Sure, Norway is one of the most expensive countries in the world. But that doesn’t mean you have to spend a fortune on your trip -- especially if you know where to find the most value for your dollar. Here’s how to stick to a budget in Tromso, a gateway to the Arctic and a prime location for spotting the Northern Lights or basking in the Midnight Sun — and that, if done right, can be a welcome relief to spending the big bucks in Oslo.
What to Do
A Midnight Concert at the Arctic Cathedral
Norwegian folk songs fill this iconic A-framed church most nights and the show is nothing short of ethereal, especially in summer when rays from the Midnight Sun stream through the stained glass. The experience costs around $20.
Arctic-Alpine Botanic Garden
It’s free to enter this floral haven, which is open year-round. Its 25 collections of flowers — from pink rhododendrons to blue cushion plants — are best seen in bloom from May to October.
The smart splurge: You’ll never regret crossing the Northern Lights off your bucket list if you visit on an expedition from November to March ($165 with Active Tromso), or kayaking among the mountains from June to September ($129 with Active Tromso). The price tag is well worth the cost for a once-in-a-lifetime adventure.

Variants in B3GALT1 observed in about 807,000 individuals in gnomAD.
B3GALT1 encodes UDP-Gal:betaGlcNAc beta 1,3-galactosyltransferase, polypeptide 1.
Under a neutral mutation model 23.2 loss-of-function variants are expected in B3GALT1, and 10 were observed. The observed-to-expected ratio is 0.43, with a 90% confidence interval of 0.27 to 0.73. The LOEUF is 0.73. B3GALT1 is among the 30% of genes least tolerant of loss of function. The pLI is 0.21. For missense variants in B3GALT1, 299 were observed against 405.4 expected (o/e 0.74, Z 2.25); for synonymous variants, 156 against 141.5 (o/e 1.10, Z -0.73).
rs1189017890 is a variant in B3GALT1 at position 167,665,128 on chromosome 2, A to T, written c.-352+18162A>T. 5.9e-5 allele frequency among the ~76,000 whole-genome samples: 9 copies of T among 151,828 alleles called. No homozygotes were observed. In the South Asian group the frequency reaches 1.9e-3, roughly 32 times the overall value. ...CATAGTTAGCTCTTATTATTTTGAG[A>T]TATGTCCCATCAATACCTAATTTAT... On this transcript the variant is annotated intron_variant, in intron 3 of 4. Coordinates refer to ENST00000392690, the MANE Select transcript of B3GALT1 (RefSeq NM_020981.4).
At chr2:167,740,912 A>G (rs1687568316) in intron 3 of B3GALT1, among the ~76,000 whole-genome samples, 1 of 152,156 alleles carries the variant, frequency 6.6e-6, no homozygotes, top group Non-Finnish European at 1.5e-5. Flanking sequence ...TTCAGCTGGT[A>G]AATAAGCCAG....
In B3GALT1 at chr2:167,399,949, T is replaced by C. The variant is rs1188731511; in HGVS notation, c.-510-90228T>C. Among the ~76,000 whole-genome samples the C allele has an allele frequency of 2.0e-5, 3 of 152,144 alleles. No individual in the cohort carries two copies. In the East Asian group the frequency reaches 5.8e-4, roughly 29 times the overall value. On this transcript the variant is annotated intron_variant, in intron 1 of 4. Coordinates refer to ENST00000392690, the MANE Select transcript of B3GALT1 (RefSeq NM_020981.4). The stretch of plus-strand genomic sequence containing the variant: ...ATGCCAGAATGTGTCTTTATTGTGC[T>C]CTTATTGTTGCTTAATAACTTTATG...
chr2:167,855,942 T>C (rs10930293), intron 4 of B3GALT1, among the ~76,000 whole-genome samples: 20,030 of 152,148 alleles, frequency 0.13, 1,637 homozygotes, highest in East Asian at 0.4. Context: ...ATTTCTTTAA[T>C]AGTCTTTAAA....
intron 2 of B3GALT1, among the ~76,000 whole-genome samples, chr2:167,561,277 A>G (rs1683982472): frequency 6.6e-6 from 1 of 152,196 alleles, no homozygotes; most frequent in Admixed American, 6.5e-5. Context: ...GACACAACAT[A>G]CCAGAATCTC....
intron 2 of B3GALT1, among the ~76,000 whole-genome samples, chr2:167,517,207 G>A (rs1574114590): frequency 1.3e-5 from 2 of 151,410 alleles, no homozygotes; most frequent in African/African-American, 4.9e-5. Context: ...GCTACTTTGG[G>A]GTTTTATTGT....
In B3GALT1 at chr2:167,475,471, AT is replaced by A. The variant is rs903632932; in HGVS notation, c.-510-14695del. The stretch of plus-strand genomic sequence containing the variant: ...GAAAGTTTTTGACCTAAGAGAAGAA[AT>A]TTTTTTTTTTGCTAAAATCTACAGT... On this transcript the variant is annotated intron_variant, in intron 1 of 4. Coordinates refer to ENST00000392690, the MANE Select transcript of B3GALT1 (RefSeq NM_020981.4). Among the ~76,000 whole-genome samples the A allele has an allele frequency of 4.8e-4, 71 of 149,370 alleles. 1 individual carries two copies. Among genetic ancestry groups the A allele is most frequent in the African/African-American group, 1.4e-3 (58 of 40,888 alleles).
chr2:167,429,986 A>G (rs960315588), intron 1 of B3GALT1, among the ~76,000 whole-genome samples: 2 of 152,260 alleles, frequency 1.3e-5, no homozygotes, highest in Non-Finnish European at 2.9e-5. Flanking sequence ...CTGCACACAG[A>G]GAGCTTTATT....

Where to Eat
The best restaurants along the harbor in Tromso tend to be expensive, that is, with the exception of this cozy casual restaurant where you can order a juicy reindeer burger for under $20.
Mack Pub and Brewery
There are 67 types of beer on tap at this bar, made next door in a brewery that’s been around since 1877. Try the Nordlys (Northern Lights) lager or a Polar Bear Pilsner, or book a tour of the brewery for $20 per person, which gets you two samples.
The smart splurge: Harborside restaurant Fiskekompaniet serves delectable fresh catches like steamed arctic char and panfried whale steak, worth the $40 cost on a special night out.
Where to Stay
This hotel in the city center costs around $115 per night per person for a standard room on a weekend this July. (The same hotel in Oslo would be around $60 more per night.)
A standard room with a view of Tromso harbor on the weekend of July 28-30 is $124 — also less than Oslo’s Scandic Byporten, which is around $40 more on the same weekend.
How to Get There
This town is usually a stop on Norwegian coastal cruises and can serve as a great weekend trip from Oslo. Roundtrip flights from Oslo cost around $225 this July (14-16), which is prime time for catching the Midnight Sun. But you can save if you visit just after this busy season, with flights in early to late August at about $189 roundtrip. Later in the year when you can spot the Northern Lights in, say, November on a weekend, prices are around $150.
Another option — one that even locals use — is a cruise down the coast of Norway with Hurtigruten, a line that specializes in 5-day trips from Kirkenes in the far north to Bergen in the South. You’ll not only stop in Tromso but also cities including Trondheim and Alesund. It costs $843 in the summer for an ocean-view room, or about $169 per day. Prices are even lower in the winter months ($510 for a 5-day cruise from Kirkenes to Bergen in an ocean-view room on the MS Vesteralen, coming down to $102 per day) — a better deal than many hotel rooms you’ll find in Oslo, and you’ll get to see multiple cities, too.